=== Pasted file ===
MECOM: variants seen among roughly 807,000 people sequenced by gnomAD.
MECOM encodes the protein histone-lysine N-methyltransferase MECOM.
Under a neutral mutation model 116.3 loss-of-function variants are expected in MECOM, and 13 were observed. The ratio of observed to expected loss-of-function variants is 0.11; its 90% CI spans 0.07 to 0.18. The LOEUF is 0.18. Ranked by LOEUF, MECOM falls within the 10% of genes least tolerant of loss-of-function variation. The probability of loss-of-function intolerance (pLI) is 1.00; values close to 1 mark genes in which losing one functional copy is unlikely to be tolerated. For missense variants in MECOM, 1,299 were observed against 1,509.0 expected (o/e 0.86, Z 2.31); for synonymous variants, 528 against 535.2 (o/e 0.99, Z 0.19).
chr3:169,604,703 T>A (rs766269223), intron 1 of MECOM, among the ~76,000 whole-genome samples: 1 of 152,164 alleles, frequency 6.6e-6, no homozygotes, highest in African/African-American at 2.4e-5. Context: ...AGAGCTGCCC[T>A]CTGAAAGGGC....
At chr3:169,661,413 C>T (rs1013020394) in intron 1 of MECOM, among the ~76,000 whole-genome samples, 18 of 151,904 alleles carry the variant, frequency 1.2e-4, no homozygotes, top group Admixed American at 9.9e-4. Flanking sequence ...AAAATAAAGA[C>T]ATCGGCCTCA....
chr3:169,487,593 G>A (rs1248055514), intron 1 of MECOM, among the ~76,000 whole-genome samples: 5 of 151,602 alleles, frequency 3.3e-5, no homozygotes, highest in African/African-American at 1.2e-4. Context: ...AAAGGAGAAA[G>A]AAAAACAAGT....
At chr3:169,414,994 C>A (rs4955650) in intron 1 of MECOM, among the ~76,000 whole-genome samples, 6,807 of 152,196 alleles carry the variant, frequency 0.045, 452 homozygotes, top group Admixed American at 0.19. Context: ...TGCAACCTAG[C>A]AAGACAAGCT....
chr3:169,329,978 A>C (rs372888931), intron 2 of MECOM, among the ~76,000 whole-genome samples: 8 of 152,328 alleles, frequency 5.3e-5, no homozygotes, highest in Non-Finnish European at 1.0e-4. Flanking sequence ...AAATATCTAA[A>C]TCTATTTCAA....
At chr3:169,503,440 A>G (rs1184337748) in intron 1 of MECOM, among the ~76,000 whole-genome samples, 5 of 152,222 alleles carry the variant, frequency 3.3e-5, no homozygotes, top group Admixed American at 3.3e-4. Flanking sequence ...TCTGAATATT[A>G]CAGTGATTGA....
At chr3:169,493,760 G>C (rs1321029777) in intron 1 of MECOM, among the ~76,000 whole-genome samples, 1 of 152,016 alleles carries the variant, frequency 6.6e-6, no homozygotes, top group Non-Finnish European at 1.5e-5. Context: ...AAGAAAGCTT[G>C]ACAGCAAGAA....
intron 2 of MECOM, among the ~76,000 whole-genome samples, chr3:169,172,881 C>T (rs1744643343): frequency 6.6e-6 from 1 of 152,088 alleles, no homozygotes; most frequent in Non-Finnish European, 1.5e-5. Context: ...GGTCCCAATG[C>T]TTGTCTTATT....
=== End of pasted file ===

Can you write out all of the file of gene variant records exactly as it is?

MECOM: variants seen among roughly 807,000 people sequenced by gnomAD.
MECOM encodes the protein histone-lysine N-methyltransferase MECOM.
Under a neutral mutation model 116.3 loss-of-function variants are expected in MECOM, and 13 were observed. The ratio of observed to expected loss-of-function variants is 0.11; its 90% CI spans 0.07 to 0.18. The LOEUF is 0.18. Ranked by LOEUF, MECOM falls within the 10% of genes least tolerant of loss-of-function variation. The probability of loss-of-function intolerance (pLI) is 1.00; values close to 1 mark genes in which losing one functional copy is unlikely to be tolerated. For missense variants in MECOM, 1,299 were observed against 1,509.0 expected (o/e 0.86, Z 2.31); for synonymous variants, 528 against 535.2 (o/e 0.99, Z 0.19).
chr3:169,604,703 T>A (rs766269223), intron 1 of MECOM, among the ~76,000 whole-genome samples: 1 of 152,164 alleles, frequency 6.6e-6, no homozygotes, highest in African/African-American at 2.4e-5. Context: ...AGAGCTGCCC[T>A]CTGAAAGGGC....
At chr3:169,661,413 C>T (rs1013020394) in intron 1 of MECOM, among the ~76,000 whole-genome samples, 18 of 151,904 alleles carry the variant, frequency 1.2e-4, no homozygotes, top group Admixed American at 9.9e-4. Flanking sequence ...AAAATAAAGA[C>T]ATCGGCCTCA....
chr3:169,487,593 G>A (rs1248055514), intron 1 of MECOM, among the ~76,000 whole-genome samples: 5 of 151,602 alleles, frequency 3.3e-5, no homozygotes, highest in African/African-American at 1.2e-4. Context: ...AAAGGAGAAA[G>A]AAAAACAAGT....
At chr3:169,414,994 C>A (rs4955650) in intron 1 of MECOM, among the ~76,000 whole-genome samples, 6,807 of 152,196 alleles carry the variant, frequency 0.045, 452 homozygotes, top group Admixed American at 0.19. Context: ...TGCAACCTAG[C>A]AAGACAAGCT....
chr3:169,329,978 A>C (rs372888931), intron 2 of MECOM, among the ~76,000 whole-genome samples: 8 of 152,328 alleles, frequency 5.3e-5, no homozygotes, highest in Non-Finnish European at 1.0e-4. Flanking sequence ...AAATATCTAA[A>C]TCTATTTCAA....
At chr3:169,503,440 A>G (rs1184337748) in intron 1 of MECOM, among the ~76,000 whole-genome samples, 5 of 152,222 alleles carry the variant, frequency 3.3e-5, no homozygotes, top group Admixed American at 3.3e-4. Flanking sequence ...TCTGAATATT[A>G]CAGTGATTGA....
At chr3:169,493,760 G>C (rs1321029777) in intron 1 of MECOM, among the ~76,000 whole-genome samples, 1 of 152,016 alleles carries the variant, frequency 6.6e-6, no homozygotes, top group Non-Finnish European at 1.5e-5. Context: ...AAGAAAGCTT[G>C]ACAGCAAGAA....
intron 2 of MECOM, among the ~76,000 whole-genome samples, chr3:169,172,881 C>T (rs1744643343): frequency 6.6e-6 from 1 of 152,088 alleles, no homozygotes; most frequent in Non-Finnish European, 1.5e-5. Context: ...GGTCCCAATG[C>T]TTGTCTTATT....